Laser eye surgery

I grew up in a glasses-wearing family. My parents wore glasses, my two older brothers wore glasses and I, by the age of five, also wore glasses.

In more recent years, my brother Dwight and I switched to contacts, but while contacts may be invisible to others, they’re still glasses, albeit tiny ones stuck to your eyeballs.

But within the last couple of years, Dwight got rid of glasses forever (hopefully). He underwent laser eye surgery to correct his vision. No more glasses –and bragging rights over the rest of us, which in a family of three boys are important rights indeed.

The eye works essentially the same as a camera. Light strikes the cornea, the clear outer surface of the eye, and is bent so that it passes through the pupil and then through the lens, which fine-tunes the light waves to focus on the retina, a layer of nerves that lines the back of the eye. If the light waves entering don’t focus properly on the retina, blurry vision results.

Vision is usually described in terms such as 20/20 or 20/40. Having 20/20 vision means you can see something 20 feet away just as clearly as if it were 20 feet away. Having 20/40 vision means that something 20 feet away shows only as much detail as something 40 feet away would to someone with normal vision. And if, like me, your vision is something well over 20/200, then essentially you can’t see much of anything that’s 20 feet away.

Glasses and contact lenses bend the light rays heading for the eyes before they pass through the cornea. Their refraction added to that of the eye itself results in improved vision. Laser eye surgery goes that one further, actually changing the refraction of the eye itself.

The first surgical procedure to attempt to correct eyesight was radial keratotomy, or RK. In RK, incisions are made by a surgeon, wielding a hand-held knife, in a radial pattern along the outer portion of the cornea. These incisions flatten the curvature of the cornea, changing the way it focuses light. The number and length of the incisions determines the degree of correction.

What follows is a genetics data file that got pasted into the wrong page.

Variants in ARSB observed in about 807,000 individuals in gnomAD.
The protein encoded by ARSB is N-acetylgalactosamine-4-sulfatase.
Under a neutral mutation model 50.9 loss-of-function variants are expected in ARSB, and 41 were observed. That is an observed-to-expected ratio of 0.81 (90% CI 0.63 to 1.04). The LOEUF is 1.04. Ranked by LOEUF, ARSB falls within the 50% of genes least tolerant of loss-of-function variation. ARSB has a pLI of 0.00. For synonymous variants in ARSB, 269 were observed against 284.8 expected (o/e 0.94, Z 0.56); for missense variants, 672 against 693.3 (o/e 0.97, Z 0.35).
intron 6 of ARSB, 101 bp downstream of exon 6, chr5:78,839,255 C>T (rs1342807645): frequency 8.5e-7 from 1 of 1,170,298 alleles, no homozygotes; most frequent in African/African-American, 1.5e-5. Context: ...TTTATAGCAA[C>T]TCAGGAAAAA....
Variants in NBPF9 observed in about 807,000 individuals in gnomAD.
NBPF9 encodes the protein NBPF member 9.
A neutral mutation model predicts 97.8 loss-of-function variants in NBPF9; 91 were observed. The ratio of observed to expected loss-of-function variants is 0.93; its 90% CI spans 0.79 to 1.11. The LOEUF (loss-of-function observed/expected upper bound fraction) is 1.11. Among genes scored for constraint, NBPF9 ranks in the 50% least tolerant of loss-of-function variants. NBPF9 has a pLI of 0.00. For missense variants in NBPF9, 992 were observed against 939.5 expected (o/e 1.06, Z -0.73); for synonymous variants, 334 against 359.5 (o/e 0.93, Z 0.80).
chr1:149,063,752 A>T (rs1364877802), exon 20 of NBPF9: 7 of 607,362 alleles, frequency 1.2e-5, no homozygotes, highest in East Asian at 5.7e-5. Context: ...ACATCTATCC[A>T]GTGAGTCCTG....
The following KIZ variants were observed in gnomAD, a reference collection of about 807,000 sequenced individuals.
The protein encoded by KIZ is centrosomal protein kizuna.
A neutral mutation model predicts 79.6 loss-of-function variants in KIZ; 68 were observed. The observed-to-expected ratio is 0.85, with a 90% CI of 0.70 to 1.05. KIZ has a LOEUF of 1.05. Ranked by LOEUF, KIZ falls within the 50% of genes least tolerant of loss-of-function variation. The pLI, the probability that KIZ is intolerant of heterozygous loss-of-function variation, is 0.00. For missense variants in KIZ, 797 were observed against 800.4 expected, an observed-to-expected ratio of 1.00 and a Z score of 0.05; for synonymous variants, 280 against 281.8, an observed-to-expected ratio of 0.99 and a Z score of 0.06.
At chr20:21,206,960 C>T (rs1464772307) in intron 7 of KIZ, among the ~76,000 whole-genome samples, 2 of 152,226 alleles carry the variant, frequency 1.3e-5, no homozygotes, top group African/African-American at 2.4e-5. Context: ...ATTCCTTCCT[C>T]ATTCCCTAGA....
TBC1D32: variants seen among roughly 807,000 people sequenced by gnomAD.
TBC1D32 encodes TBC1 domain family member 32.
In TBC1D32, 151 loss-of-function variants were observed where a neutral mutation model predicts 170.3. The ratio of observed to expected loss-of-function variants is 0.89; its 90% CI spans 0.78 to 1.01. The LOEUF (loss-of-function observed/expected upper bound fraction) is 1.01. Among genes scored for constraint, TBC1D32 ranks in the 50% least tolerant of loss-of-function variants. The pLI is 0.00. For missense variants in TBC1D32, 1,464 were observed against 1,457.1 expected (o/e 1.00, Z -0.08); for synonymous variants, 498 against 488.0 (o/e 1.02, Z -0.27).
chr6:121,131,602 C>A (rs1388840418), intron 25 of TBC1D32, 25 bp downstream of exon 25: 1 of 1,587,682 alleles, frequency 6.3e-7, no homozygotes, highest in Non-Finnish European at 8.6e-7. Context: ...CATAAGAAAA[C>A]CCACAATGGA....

The excimer laser, which entered clinical trials in 1987, offered a new way of working on the eye. The excimer laser uses a cool, computer-controlled beam of ultraviolet light to vaporize tiny amounts of tissue. (The beam is so precise it can cut notches in a strand of human hair.)

Photorefractive keratectomy (PRK) was the first version of laser eye surgery. In PRK, the outer layer of the cornea is scraped away to reveal the inner layer, or stroma, which is then shaped by the removal of microscopic amounts of tissue. Today, PRK has essentially given way to laser-assisted in situ keratomileusis–LASIK for short (thank goodness). In LASIK, a flap of the outermost layer of the cornea is peeled back rather than scraped off, the stroma is sculpted, then the flap is returned to its place.

LASIK surgery isn’t for everyone. Not everyone ends up with 20/20 vision without glasses or contacts. People who need reading glasses before surgery still need reading glasses afterward. Some people actually end up with worse vision. Many patients don’t see as well in situations of low contrast, such as at night or in a fog, as they did before treatment; some see halos around lights at night.

However, scientists continue to refine the procedure. Current laser surgery only correct major aberrations, not only leaving subtle ones untouched but introducing new ones. So researchers are looking for ways to map and correct these subtle aberrations. One method is to shine light into the eye and analyze the reflections bouncing off the retina. In recent trials, surgery based on this information produced 20/20 vision or better in 93 percent of cases.

Other researchers are using scans to directly measure the shape of the cornea, and one, Jim Schwiegerling, an opthamologist at the University of Arizona in Tucson, is combining both approaches to create a highly detailed computer model of the eye, which is then used to guide the laser during surgery. His goal is to ensure that everyone who has surgery gets at least 20/20 vision out of it. A few may even end up with 20/10 or 20/5 vision.

The technique won’t be available for another two or three years at the earliest. But that’s OK. To recapture vision bragging rights from my big brother, I can wait.

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